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Vitamin B12 Deficiency

Feeling tired all the time? Memory not what it used to be? Struggling to complete physical tasks that you used to normally take in your stride? Missing your joie de vivre? All these are common complaints that can result from a myriad of different medical problems… but there is often just one cause that links them all – vitamin B12 deficiency.

Browse vitamin B12 supplements >

Where do we get B12 from?

We get B12 from animal products such as meat, fish, milk and eggs.

However, you may be struggling to get enough through a healthy diet as it is notoriously hard to absorb through the gut. It is one of the water soluble B vitamins which is bound to protein within food.

Where do we get B12 from?
What does vitamin B12 do?

What does vitamin B12 do?

Vitamin B12 is essential for the formation of red blood cells and the development and normal functioning of the brain and nervous system, particularly those aspects which determine concentration, learning, memory and reasoning.

It has also been proven to help reduce tiredness and fatigue.

Who needs vitamin B12?

Vegans and vegetarians are typically vulnerable unless they take supplementary measures. Its role in supporting healthy cell division and folic acid metabolism also raises the importance of adequate levels within women who are pregnant or breastfeeding. Finally people who have malabsorption issues or who have bowel problems such as coeliac disease, Crohn’s or ulcerative colitis will also be considered for supplementary activity.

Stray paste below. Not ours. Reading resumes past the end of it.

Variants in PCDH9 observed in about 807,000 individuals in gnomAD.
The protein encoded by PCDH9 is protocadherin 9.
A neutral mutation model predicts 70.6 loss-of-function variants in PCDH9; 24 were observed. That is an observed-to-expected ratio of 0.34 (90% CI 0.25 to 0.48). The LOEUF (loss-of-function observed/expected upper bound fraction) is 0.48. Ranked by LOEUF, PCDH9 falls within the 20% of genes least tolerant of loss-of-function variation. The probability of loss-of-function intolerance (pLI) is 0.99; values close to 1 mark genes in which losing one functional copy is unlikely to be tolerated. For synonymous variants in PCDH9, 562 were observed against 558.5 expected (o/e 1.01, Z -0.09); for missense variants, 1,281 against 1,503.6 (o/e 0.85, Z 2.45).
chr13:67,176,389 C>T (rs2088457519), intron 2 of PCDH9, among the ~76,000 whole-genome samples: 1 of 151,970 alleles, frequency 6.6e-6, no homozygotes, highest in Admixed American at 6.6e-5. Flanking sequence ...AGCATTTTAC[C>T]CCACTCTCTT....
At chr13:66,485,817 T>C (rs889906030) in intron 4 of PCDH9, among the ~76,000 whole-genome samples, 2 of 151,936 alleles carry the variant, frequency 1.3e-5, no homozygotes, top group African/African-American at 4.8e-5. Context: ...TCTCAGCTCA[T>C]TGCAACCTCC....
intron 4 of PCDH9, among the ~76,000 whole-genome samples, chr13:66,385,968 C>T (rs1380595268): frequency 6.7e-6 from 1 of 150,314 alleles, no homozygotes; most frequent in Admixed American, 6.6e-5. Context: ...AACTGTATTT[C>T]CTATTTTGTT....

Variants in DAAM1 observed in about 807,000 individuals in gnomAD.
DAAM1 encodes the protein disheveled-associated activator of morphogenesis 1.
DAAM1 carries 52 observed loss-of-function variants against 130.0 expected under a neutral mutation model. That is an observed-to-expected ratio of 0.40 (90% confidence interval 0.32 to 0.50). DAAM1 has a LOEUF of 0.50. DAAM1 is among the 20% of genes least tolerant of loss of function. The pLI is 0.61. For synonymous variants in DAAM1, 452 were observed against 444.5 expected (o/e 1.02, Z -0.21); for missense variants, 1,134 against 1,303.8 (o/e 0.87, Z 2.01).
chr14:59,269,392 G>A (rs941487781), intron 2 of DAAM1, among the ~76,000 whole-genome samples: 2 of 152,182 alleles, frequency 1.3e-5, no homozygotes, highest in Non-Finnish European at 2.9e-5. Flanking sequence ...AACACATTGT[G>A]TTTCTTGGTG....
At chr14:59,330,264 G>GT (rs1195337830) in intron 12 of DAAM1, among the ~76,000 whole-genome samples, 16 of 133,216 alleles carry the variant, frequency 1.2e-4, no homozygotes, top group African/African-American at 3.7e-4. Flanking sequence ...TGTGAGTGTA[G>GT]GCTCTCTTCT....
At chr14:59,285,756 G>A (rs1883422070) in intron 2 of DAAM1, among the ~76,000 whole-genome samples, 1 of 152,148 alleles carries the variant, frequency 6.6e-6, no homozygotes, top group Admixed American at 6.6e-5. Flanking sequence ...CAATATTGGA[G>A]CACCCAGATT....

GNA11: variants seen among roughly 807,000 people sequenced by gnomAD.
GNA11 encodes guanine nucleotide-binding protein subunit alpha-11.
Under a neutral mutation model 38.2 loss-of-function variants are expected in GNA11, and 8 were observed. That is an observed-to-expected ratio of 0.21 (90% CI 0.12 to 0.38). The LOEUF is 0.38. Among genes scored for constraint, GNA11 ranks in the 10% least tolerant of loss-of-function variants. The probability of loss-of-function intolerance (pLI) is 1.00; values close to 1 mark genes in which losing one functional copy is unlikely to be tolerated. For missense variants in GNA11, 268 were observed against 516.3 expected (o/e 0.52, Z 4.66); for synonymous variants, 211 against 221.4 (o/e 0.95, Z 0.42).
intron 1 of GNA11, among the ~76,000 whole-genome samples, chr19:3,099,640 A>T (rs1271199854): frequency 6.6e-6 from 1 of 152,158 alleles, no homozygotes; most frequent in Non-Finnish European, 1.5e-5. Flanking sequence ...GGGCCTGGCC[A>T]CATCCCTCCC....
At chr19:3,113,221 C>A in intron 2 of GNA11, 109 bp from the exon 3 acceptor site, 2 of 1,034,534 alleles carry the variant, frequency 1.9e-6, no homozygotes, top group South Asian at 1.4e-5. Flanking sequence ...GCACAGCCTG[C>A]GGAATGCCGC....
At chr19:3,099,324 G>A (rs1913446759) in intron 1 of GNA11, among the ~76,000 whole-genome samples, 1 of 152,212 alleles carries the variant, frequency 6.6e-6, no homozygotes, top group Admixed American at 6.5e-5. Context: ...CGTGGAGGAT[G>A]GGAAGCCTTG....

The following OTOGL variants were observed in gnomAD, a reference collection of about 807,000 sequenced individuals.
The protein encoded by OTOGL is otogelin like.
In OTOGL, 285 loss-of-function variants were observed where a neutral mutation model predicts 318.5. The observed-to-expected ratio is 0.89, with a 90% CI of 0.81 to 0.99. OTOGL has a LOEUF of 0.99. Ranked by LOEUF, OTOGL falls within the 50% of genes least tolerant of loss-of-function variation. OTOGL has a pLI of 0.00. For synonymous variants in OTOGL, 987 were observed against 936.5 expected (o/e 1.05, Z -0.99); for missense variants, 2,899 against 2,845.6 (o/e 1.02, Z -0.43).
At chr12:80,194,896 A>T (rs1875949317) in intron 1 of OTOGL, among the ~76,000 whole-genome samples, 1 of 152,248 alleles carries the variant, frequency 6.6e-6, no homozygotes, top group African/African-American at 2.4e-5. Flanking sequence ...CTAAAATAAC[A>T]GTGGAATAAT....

Who needs vitamin B12?
How do I know if I am deficient?

Deficiency can occur at any age and in the past, we have associated deficiency with growing older and our inability to extract the large molecule from our diet. However, more and more children and teenagers are being diagnosed with a deficiency. In extreme cases deficiency (known as pernicious anaemia) can cause severe nerve damage.

Our livers hold large stores of B12 and deficiency tends to develop over many years and because symptoms can easily be mistaken, diagnosis is often missed. Symptoms vary but include one or more of the following: fatigue, vague mental fogging and memory problems, depression, weakness, pins and needles in the hands and feet, and an unsteady walk.

How do I raise my B12 levels?

How do I raise my B12 levels?

As a water-soluble vitamin there is no upper daily limit, however, because of the difficulty in absorbing such a large molecule, tablets and capsules are notoriously difficult for the gut to break down and digest. A daily oral spray directly onto the inner cheek of the mouth is a superior method and advocated by health professionals worldwide.

Learn more about Boost B12 Oral Spray >

What is Pernicious Anaemia?

There are many people who suffer with Pernicious Anaemia and have insufficient levels of B12. This is not a problem with the blood but rather with the digestive system. Some people do not produce the intrinsic factor which hampers their absorption of B12, however this is a very small percentage of Pernicious Anaemia sufferers. The majority of people do produce the intrinsic factor but for some unknown reason, they also produce something that kills off the intrinsic factor, Anti-Intrinsic Factor Antibodies.

If you have been diagnosed with pernicious anaemia by your doctor he will undoubtedly have prescribed a course of B12 injections. Depending upon you level these will be weekly, monthly or every three months and vary in dosage levels. However, this form of treatment often results in symptoms returning before the next injection is due and this is one vital service BetterYou Boost B12 oral spray delivers.

Our work with the Pernicious Anaemia society

We work closely with the Pernicious Anaemia Society and their chairman Martyn Hooper.

Feedback from the society has been very positive and you can read Martyn’s thoughts on intraoral supplementation on his blog.

Intraoral supplementation for Pernicious Anaemia sufferers >

Our work with the Pernicious Anaemia society